Last week, the House and Senate put in some long days amending bills in committee and on the floor. Now, they’ll spend Monday, Tuesday and Thursday deciding if the membership of both chambers can agree on the amendments.
“This is the art of compromise,” said Sen. Frank Ginn, R-Danielsville. “The House has versions of bills out there, and the Senate has versions of bills. Really, this is where you put the ingredients together and hopefully you come out with the best bill.”
But even veteran legislators admit the rate that dozens of conference committees issue their reports can be hard to keep up with.
“That’s scary,” said Rep. Ron Stephens, R-Savannah. “On the last day when all these conference reports are flying on our desks, we pass some unstudied things with unintended consequences.”
Conferees can add anything they want to bills. Unlike many states, Georgia doesn’t limit them to provisions passed by the House or Senate, which means bills coming to a vote for final passage may contain wording that neither has ever seen or approved. Often, conferees revive provisions that committees voted to kill earlier in the session.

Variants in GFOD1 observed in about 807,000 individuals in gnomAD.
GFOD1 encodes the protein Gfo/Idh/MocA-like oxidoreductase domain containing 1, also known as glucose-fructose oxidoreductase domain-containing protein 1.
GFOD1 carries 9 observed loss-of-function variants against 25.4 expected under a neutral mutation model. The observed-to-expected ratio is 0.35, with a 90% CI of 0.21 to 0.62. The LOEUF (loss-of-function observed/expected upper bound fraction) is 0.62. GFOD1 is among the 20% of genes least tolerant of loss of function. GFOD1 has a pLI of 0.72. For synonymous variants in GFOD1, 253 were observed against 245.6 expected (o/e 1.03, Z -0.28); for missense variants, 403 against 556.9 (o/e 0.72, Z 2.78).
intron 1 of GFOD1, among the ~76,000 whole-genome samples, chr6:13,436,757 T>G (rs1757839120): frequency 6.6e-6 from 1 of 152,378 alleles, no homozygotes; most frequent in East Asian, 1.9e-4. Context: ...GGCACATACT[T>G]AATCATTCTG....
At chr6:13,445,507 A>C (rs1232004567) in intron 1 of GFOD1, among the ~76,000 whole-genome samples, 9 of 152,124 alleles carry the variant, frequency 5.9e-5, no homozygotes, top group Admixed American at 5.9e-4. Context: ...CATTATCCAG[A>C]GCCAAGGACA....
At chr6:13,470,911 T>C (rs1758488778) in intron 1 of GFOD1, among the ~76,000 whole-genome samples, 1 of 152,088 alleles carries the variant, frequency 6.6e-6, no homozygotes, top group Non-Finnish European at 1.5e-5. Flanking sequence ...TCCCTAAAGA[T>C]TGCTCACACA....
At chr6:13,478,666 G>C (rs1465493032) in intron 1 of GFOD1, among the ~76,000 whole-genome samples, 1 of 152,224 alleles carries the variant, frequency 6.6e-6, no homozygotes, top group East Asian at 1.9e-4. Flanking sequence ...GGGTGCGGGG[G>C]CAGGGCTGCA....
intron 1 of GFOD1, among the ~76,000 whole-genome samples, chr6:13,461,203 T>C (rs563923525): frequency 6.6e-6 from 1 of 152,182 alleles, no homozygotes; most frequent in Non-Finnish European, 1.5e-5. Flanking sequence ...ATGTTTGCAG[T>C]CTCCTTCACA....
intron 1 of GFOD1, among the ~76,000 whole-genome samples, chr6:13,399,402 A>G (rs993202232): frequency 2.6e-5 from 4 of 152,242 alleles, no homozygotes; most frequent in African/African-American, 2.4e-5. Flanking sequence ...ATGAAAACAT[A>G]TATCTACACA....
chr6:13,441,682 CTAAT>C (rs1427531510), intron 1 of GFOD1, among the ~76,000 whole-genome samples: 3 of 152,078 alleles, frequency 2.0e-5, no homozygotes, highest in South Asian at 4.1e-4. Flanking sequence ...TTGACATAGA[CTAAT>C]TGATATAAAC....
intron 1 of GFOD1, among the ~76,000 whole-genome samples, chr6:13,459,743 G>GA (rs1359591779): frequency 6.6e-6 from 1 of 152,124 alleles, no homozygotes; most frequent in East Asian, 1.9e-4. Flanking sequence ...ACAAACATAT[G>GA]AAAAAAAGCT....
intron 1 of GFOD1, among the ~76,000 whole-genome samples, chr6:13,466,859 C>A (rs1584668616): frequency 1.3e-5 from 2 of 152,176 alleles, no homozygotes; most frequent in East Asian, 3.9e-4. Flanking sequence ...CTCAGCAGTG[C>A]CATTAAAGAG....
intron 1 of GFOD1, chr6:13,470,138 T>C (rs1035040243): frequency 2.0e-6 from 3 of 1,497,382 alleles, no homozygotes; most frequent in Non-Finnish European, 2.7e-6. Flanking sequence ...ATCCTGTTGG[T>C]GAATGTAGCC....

Lawmakers rely on the trust they have in the authors of bills – who almost always serve as conferees – to recount what the conference committee has done.
“You lean on those because you can’t be fully involved on every bill that’s down here,” Ginn said. “So, you have to hold some faith in the judgment of those that you’re working with.”
The most watched conference committee is the one dealing with the budget. The chairmen of the House and Senate appropriations committees both say there are few disagreements, largely because there isn’t much money to fight over.
Other major bills going to conference are those dealing with ethics, guns and investing in start-up, high-tech companies.
But Stephens, at least, is predicting the last night won’t be a long one as is typical.
“Personally, I think we’ll be out of here by 5 or 6 o’clock,” he said, acknowledging a reporter’s grin at his hopefulness. “I just don’t see the backlog of bills this year.”